My Body Does Not Need Your Opinion to Be Whole
Dr. Jon Paul
My quest for the perfect body began when I first entered high school. My freshman year I weighed close to 300 pounds and after constantly being teased for my size, how my clothes fit and the fact that I often couldn’t fit in the regular sized desk, I became obsessed with weight loss.
Each day, I would spend my lunch hour talking to my small group of friends about the various things they did to lose weight or ways they were able to stay thin. I hoped and prayed that something they suggested would work for me. By the time I reached my junior year, I was so obsessed with being thin and had joined so many fitness-based extracurricular activities that my grades began to suffer. Everything in my life revolved around my size, so much to the point that I began to work out in plastic bags. I ran for long periods of time, even pushing until I suffered heat exhaustion.
My obsession to be thin grew worse in my senior year; this same year, I admitted to my cross country running partner, a queer person of color, that I had a crush on him. It broke my spirit when he responded that he was not “into big guys.” Adding insult to injury, he proceeded to tell me that his ideal boyfriend would be white, blonde-haired and blue eyed--something that I knew I wasn’t, and never could be.
As I began to date, I was often reminded in subtle ways how my size wasn’t ideal or attractive to other queer men, whether it was said to me directly or insinuated on a dating app. Other men boldly (and mistakenly) claimed that my physical features--including my size, race, and complexion--could never be seen as beautiful. After being called “fat” by men online or being told that I wasn’t someone’s “type,” (which I knew was code for fat and Black), I began to internalize my size as unattractive. This fueled my insecurities, so much that I spent close to 2.5 hours a day in the gym and counted every single calorie I consumed. After losing almost 85 pounds in my sophomore year of college, I thought the world would open up in the sense of finding true love and being widely accepted in the LGBTQ community.
Except that never happened. Losing weight only brought on more pressure to be thin and made me even more insecure about physical appearance. I learned that I wasn’t unhappy with my size, but I was unhappy with the way other queer men treated me because of my size. That inflection of hatred became my truth, a truth I never wanted or needed. I started to realize that one of the reasons why I was so obsessed with my size was because of the unrealistic body standards set for queer men in the LGBTQ community, something that throughout my life I never heard other queer cis-men talk about openly.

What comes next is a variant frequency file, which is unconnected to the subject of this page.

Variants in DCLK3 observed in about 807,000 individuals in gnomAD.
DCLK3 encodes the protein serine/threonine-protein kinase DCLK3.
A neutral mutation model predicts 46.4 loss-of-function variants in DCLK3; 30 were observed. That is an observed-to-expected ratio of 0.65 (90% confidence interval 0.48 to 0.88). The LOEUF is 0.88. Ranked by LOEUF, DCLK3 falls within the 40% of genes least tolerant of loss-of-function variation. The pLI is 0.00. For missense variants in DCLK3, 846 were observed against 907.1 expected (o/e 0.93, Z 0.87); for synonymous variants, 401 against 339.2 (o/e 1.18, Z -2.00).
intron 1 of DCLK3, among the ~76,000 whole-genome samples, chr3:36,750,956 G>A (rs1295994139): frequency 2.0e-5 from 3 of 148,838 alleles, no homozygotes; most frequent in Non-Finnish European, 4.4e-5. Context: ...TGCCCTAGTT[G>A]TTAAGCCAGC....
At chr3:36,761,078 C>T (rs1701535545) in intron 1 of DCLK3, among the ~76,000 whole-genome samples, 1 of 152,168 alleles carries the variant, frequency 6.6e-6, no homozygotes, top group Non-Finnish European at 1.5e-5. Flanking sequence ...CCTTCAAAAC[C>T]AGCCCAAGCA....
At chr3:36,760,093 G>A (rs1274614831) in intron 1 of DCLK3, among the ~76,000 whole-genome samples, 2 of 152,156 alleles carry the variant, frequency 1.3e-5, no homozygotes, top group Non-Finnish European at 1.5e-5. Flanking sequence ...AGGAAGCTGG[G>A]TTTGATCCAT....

While there have been several stories published regarding the lack of conversation cis-men have around the unrealistic expectations placed on their bodies, I have realized the issue isn’t me or my size, but an issue connected to toxic masculinity and misogyny that exists within the LGBTQ community. From machismo to hypersexualism, I was sold a perception of what I should look like from the time I was born and chastised when I didn’t live up to it.
The truth is that this is a reality for many queer men.
The pressures that queer cis-men face regarding the expectations placed on their bodies is reflective of a larger system, one that is too often celebrated uncritically in the queer community. This serves as a reminder that one’s body is never fully autonomous; instead, the body is evaluated and assigned value at the hand of another based on whether or not it is deemed appropriate for sexual consumption.
The unwritten expectation placed on all men, regardless of their sexual orientation is that you must live up to someone else’s standards, even when there is no relationship present. This is a classic feature in how patriarchy negatively impacts cisgender men.
I have worked both emotionally and physically to unlearn the things I was taught to hate about my size, my looks and my existence. Yet, I recognize that while I may be bigger, it doesn’t make me any less of a person. As I have become more aware of where the hatred for my body began, I am reminded what it means to reclaim my body as my own and the work that goes into loving it ways that the world never allowed me to.
Some of my insecurities may never go away. But I am forever comfortable knowing that even if others do not like the idea of me being round, I am in fact, whole.
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